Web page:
Learning New Skills
Communicate The Rules, Guidelines, Responsibilities and Consequences for Negative Behavior With Your Child, Formally
Your child thrives on knowing what is expected of them. They love boundaries. It tells them their safe.
Discussion & Signing
Next is discussing the Rules, Guidelines, Responsibilities and Consequences and getting feedback from each child individually. Then having them sign what is agreed upon.
During this difficult period of sequestering, kids can become easily distracted, unfocused and difficult or disrespectful. When they start to misbehave, act out and are having appetite or sleep disturbance it is a good idea to start fresh on the rules, guidelines of the house and their behavior, responsibilities and the consequences for negative behavior. Consequences are take aways such as no phone, video games or television.
To be fair to your child getting everything listed on a chart helps everyone to understand what is expected.
Create a Chart with headings below and create lists under each category.
RULES RESPONSIBILITIES CONSEQUENCES
ONCE THE LISTS ARE AGREED UPON, HAVE THE CHILD SIGN THEIR CHART.
Sharing Feelings About Negative Behaviors and Validating Your Child In A Respectful Way
USING ASSERTIVE COMMUNICATION BY SHARING FEELINGS AND VALIDATING YOUR CHILD WHEN NEGATIVE BEHAVIORS OCCUR WILL STOP BAD BEHAVIOR WITHIN WEEKS.
When your child breaks rules, doesn’t fulfill their responsibilities it is time to warn them about the consequences. Giving your child a warning before taking the phone, video games, or tv programs away is only fair. Using assertive communication is the way to do it. Using “I feel” statements followed by assertive communication as described in “The Clutter Remedy: A Guide To Getting Organized For Those Who Love Their Stuff” is the simplest way to stop bad behavior in its tracks.
The Clutter Remedy Assertive Communication Strategy
Creating Good Behavior
“When you tell a child they’re bad they will be bad. When you tell a child they’re good they will be good.” Marla Stone, MSW
The Clutter Remedy is a book I wrote to help people declutter negative emotions, clear and heal old wounds, and of course organize their homes and offices. The book shares easy strategies to stay organized and most importantly how to communicate as a family while sharing space respectfully. When there is inner chaos there will be outer chaos. The way a home is set up and kept is a reflection of the inner self.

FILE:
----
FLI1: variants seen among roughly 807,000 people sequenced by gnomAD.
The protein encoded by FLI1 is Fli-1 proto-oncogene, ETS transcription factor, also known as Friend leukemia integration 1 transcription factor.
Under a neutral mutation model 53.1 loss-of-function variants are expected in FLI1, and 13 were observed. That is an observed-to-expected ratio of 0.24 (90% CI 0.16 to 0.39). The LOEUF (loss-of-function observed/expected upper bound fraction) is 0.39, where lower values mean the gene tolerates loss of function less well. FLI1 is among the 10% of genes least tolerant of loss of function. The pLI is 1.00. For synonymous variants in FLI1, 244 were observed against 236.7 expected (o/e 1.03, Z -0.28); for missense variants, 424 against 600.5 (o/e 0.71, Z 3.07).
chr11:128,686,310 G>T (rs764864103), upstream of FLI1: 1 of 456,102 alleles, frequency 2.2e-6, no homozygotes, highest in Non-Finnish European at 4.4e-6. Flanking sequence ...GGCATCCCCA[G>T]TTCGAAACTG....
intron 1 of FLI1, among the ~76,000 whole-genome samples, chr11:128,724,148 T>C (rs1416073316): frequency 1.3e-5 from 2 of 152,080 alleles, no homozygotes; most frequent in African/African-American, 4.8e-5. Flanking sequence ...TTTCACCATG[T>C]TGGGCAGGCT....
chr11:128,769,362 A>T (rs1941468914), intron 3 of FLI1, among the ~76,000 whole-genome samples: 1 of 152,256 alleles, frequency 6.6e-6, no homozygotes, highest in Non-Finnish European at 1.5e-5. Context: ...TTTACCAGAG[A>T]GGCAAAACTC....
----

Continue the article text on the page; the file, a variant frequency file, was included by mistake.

In the book I describe a strategy for communicating in a way that will change negative behavior into positive behavior within a weeks time. It is uncanny how it works and very effective especially for children. Here are some positive and negative examples of what this will sound like. Imagine a parent and child in which the parent is frustrated by a mess that is largely made by the child. Using assertive language and validation, the frustrated parent can say:
I feel upset about the piles of paper all over the living room. I would like the papers to be moved elsewhere, so the living room remains neat. I know you are working hard and you are tired and have been working hard on your homework. I love you and know that you have good intentions and want an orderly home, too. In this example, the parent first describes their feelings using an “I” statement, rather than a “you” statement (such as, “you make me upset when . . .”). Using assertive language, the parent describes the reason for their feelings and the preferred outcome. Then they shift to validation: The parent expresses caring and understanding of the child, and validates the child’s good intentions. When a particular challenge can’t be immediately resolved, you will become more assertive in a respectful way and start to establish and maintain the boundaries and ultimately give out the consequences. Getting everyone on track and on the organizing train, and to be the conductor of their own life, takes insight, creative strategy, and know-how.
Order The Clutter Remedy Book Now
Marla is known as the Declutter Your Strategy™ expert. Marla earned her BA in Psychology and a Master's in Social Work and is the founder of